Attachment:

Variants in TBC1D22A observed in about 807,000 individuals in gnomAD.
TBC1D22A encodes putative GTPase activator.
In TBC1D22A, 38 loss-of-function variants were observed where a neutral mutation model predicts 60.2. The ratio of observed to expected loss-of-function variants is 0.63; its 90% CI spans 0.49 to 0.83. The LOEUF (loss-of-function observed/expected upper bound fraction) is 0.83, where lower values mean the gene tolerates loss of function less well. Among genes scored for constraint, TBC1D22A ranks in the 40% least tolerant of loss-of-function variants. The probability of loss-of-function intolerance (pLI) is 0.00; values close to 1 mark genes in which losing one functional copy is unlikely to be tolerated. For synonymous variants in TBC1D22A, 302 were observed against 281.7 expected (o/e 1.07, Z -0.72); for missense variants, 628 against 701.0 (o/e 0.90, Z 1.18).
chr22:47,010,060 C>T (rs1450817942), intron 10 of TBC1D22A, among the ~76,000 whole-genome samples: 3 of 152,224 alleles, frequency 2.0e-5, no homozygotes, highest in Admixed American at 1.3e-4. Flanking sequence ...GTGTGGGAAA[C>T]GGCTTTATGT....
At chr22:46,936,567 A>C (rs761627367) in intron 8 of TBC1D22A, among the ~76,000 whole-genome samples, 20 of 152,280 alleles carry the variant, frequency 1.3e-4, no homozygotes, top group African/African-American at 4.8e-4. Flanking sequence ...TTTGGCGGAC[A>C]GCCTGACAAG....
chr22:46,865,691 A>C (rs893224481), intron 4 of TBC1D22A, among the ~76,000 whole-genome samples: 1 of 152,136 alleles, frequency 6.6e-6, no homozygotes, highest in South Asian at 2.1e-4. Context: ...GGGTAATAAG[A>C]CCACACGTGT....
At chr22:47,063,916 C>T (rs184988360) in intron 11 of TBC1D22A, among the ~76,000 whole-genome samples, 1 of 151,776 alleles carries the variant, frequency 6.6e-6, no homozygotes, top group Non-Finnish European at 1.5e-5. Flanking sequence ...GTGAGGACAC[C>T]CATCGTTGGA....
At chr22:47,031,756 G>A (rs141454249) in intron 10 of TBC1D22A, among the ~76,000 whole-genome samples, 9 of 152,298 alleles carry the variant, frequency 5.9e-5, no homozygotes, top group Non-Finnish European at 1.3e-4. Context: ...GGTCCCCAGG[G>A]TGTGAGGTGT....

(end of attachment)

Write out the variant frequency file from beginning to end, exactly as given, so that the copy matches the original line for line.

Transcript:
Variants in TBC1D22A observed in about 807,000 individuals in gnomAD.
TBC1D22A encodes putative GTPase activator.
In TBC1D22A, 38 loss-of-function variants were observed where a neutral mutation model predicts 60.2. The ratio of observed to expected loss-of-function variants is 0.63; its 90% CI spans 0.49 to 0.83. The LOEUF (loss-of-function observed/expected upper bound fraction) is 0.83, where lower values mean the gene tolerates loss of function less well. Among genes scored for constraint, TBC1D22A ranks in the 40% least tolerant of loss-of-function variants. The probability of loss-of-function intolerance (pLI) is 0.00; values close to 1 mark genes in which losing one functional copy is unlikely to be tolerated. For synonymous variants in TBC1D22A, 302 were observed against 281.7 expected (o/e 1.07, Z -0.72); for missense variants, 628 against 701.0 (o/e 0.90, Z 1.18).
chr22:47,010,060 C>T (rs1450817942), intron 10 of TBC1D22A, among the ~76,000 whole-genome samples: 3 of 152,224 alleles, frequency 2.0e-5, no homozygotes, highest in Admixed American at 1.3e-4. Flanking sequence ...GTGTGGGAAA[C>T]GGCTTTATGT....
At chr22:46,936,567 A>C (rs761627367) in intron 8 of TBC1D22A, among the ~76,000 whole-genome samples, 20 of 152,280 alleles carry the variant, frequency 1.3e-4, no homozygotes, top group African/African-American at 4.8e-4. Flanking sequence ...TTTGGCGGAC[A>C]GCCTGACAAG....
chr22:46,865,691 A>C (rs893224481), intron 4 of TBC1D22A, among the ~76,000 whole-genome samples: 1 of 152,136 alleles, frequency 6.6e-6, no homozygotes, highest in South Asian at 2.1e-4. Context: ...GGGTAATAAG[A>C]CCACACGTGT....
At chr22:47,063,916 C>T (rs184988360) in intron 11 of TBC1D22A, among the ~76,000 whole-genome samples, 1 of 151,776 alleles carries the variant, frequency 6.6e-6, no homozygotes, top group Non-Finnish European at 1.5e-5. Flanking sequence ...GTGAGGACAC[C>T]CATCGTTGGA....
At chr22:47,031,756 G>A (rs141454249) in intron 10 of TBC1D22A, among the ~76,000 whole-genome samples, 9 of 152,298 alleles carry the variant, frequency 5.9e-5, no homozygotes, top group Non-Finnish European at 1.3e-4. Context: ...GGTCCCCAGG[G>A]TGTGAGGTGT....